Asbarez: Top U.S. Official Calls for International Presence in Artsakh

USAID Administrator Samantha Power speaks to reporters in Yerevan on Sept. 25

Samantha Power, the United States Agency for International Development administrator, said in Yerevan on Monday that there must be international presence in Nagorno-Karabakh to assess whether Azerbaijan is implementing its commitments.

Power said the world must be able to verify and ascertain that Azerbaijan is fulfilling its promise.

“All parties must allow an international humanitarian assessment and humanitarian presence to be there, to see whether Azerbaijan is fulfilling its commitments, and for these organizations to be able to report to the international community,” she added.

Power arrived in Armenia with U.S. Undersecretary of State Yuri Kim on mission on Monday to “deliver a message from President Biden,” she said, adding that she presented a letter from the U.S. President to Prime Minister Nikol Pashinyan when the two met earlier in the day.

Power said at a press conference that Azerbaijan must always ensure unimpeded passenger transport, commercial and humanitarian shipments along Lachin Corridor. The promises on protecting the population of Nagorno-Karabakh would be void as long as civilians are unable to freely travel and when food and medical supplies can’t reach the settlements.

“And organizations such as the USAID must have access in order to provide essential humanitarian assistance,” Power added.

“We call on Azerbaijan to adhere to the ceasefire and take concrete steps to protect the rights of civilians in Nagorno-Karabakh. President Aliyev has vowed to guarantee the rights of ethnic Armenians, and Azerbaijan must fulfill this promise,” Power told reporters.

Despite statements made by US Secretary of State Antony Blinken and U.S. State Department Acting Assistant Secretary for Europe and Eurasian Affairs Yuri Kim that the use of force in Nagorno-Karabakh was unacceptable, that force was used and now the United States is looking at what the appropriate response is, Power said at the press conference at the US Embassy in Yerevan.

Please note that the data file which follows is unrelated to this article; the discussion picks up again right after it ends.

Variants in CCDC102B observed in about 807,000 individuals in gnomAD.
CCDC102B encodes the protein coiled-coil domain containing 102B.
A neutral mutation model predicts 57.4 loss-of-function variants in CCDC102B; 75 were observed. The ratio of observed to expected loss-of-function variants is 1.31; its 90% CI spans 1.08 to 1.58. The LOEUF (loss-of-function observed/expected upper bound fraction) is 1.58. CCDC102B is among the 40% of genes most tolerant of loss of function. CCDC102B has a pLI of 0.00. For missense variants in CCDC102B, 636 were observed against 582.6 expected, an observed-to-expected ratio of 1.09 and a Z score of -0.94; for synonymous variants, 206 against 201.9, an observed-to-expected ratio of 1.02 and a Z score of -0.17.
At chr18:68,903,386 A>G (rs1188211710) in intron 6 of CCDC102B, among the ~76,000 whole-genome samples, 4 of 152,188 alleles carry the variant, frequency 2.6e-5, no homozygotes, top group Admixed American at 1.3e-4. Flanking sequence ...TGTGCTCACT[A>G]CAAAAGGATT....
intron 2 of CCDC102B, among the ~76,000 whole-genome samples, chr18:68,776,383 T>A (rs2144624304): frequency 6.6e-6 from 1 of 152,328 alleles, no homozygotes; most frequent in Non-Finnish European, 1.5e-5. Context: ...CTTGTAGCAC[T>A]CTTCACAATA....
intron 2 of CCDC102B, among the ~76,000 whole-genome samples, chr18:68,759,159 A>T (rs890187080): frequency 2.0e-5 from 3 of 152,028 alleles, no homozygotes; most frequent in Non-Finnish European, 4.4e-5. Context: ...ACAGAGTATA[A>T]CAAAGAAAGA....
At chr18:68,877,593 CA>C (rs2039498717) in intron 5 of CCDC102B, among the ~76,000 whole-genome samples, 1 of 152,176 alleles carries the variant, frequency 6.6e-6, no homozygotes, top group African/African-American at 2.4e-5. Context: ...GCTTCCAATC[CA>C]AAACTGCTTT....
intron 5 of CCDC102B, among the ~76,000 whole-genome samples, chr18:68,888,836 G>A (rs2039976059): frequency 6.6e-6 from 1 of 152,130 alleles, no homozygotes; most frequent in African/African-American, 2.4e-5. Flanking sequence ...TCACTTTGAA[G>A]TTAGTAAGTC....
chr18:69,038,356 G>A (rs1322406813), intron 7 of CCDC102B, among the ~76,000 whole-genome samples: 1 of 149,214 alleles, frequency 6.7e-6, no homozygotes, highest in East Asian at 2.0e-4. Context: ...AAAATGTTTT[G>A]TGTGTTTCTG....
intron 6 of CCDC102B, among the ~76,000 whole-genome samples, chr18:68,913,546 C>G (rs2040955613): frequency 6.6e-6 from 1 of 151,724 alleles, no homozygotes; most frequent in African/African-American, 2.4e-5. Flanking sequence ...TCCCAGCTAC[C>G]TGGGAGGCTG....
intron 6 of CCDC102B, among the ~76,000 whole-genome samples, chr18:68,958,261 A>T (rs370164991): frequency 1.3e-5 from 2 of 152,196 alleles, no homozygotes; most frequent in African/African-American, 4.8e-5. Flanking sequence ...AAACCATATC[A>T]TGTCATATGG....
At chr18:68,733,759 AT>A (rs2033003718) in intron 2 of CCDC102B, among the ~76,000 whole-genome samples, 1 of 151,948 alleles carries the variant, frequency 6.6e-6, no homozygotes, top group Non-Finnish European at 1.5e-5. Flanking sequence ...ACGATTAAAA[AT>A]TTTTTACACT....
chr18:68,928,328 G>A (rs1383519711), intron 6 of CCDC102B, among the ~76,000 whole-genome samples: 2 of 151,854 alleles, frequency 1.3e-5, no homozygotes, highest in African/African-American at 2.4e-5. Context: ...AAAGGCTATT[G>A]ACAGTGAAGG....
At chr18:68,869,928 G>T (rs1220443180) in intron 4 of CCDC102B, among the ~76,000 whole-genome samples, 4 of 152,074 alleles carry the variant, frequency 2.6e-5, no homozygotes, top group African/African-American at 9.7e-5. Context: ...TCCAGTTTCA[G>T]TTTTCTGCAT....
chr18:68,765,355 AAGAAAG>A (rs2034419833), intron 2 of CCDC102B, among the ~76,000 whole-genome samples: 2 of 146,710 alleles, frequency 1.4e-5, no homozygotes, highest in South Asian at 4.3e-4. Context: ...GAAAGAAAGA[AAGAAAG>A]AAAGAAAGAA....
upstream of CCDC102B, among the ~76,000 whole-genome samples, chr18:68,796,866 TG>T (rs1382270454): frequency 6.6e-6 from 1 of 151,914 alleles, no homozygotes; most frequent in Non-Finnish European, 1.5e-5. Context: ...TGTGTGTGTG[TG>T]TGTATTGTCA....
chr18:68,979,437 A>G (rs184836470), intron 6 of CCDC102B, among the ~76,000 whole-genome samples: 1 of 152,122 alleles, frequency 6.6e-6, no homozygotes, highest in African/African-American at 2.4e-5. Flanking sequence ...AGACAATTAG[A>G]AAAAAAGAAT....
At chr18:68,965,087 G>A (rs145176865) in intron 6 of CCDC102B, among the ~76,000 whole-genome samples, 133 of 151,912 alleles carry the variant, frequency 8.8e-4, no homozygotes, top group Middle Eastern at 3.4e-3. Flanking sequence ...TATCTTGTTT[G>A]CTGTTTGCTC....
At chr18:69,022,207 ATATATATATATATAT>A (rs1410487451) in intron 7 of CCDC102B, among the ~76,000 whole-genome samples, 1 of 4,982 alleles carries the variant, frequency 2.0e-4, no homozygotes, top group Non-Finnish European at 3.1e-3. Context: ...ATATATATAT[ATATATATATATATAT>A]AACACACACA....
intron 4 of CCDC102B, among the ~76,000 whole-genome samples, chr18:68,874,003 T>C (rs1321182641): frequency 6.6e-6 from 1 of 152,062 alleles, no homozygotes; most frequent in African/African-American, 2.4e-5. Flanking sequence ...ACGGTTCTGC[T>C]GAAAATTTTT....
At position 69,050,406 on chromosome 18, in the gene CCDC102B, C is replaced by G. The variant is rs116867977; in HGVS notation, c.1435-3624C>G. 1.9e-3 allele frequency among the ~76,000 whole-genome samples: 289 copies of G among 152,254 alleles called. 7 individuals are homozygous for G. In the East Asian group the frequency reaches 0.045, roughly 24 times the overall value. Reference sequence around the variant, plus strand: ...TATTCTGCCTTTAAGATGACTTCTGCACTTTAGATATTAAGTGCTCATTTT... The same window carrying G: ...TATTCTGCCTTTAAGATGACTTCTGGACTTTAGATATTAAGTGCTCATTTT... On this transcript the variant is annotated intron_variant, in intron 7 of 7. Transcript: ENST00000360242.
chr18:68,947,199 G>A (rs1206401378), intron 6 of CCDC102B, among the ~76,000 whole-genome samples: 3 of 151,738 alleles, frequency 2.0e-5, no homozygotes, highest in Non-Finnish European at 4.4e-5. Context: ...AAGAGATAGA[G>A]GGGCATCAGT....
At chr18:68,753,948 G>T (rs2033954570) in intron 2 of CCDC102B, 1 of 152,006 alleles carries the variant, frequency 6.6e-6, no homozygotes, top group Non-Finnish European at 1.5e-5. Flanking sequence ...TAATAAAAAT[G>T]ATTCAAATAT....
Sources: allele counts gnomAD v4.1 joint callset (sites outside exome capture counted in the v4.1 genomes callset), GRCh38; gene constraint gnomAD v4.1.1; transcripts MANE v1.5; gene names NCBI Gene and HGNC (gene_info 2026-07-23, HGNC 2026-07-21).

“Secretary Blinken said the same thing when military force was undertaken. And we are looking at what the appropriate response is, as Assistant Secretary of State Kim mentioned the review of our security assistance and other forms of assistance, but I would not leap to any conclusions about American foreign policy or reaction to the events that have just transpired,” Power explained.

She said that they are considering a general circle of response to the developments.

“Most importantly, we want the ceasefire to hold, so that people are able to leave Nagorno-Karabakh, if that is their choice, and for their rights and dignity to be ensured,” Power said.
She did not specify what tools the U.S. could use in this context, but underscored that the U.S. has many levers. “Very high-level discussions are taking place in Washington on what would be the appropriate action to take,” Power said.

“We are once again very clearly stating, as it was done in the UN, we support Armenia’s sovereignty, territorial integrity and democracy. I can’t say what the consequences of violations in this regard will be. But together we want to emphasize that these are inviolable principles,” Power added.

As for the purpose of her visit, Power clarified that the trip was unplanned, explaining that Biden asked her to visit Armenia and convey his message that the U.S. supports Armenia’s sovereignty, territorial integrity and democracy.

“I am in Armenia because President Biden asked me to travel here. This was not a pre-planned trip. This is a trip being taken because President Biden wanted me to come and deliver a message on his behalf to the Prime Minister, which is that the United States supports Armenia’s sovereignty, territorial integrity and democracy,” Power said.

“I send my best wishes to you and the people of Armenia as you celebrate your Independence Day. This year, as we mark this proud occasion, we are also mourning the recent loss of life of ethnic Armenians in Nagorno-Karabakh. I have asked Samantha Power, a key member of my cabinet, to personally convey to you the strong support of the United States and my Administration for Armenia’s pursuit of a dignified and durable regional peace that maintains your sovereignty, independence, territorial integrity, and democracy,” Biden said in his letter delivered by Power to Pashinyan on Monday.

“Armenia has demonstrated its commitment to that purpose by engaging in peace talks with Azerbaijan as well as implementing critical economic reforms, improving government accountability, and strengthening democratic institutions. I assure you the United States will continue to stand beside Armenia as you work to strengthen your democracy at home and seek stability in your neighborhood,” Biden added.

“The United States is committed to working with your government on addressing humanitarian needs emerging from the recent violence, which Administrator Power will discuss with you in depth. We will also continue to strengthen our cooperation on energy diversification, resilience and security, as demonstrated by our recent joint military exercises,” the U.S. President said.

“Armenia’s rich history has inspired nations and people everywhere to strive for liberty and justice. And the Armenian-American community continues to be a source of strength in my own country. In the year ahead, I hope to continue to further deepen and strengthen the bonds between our nations – and our people,” Biden said in his letter.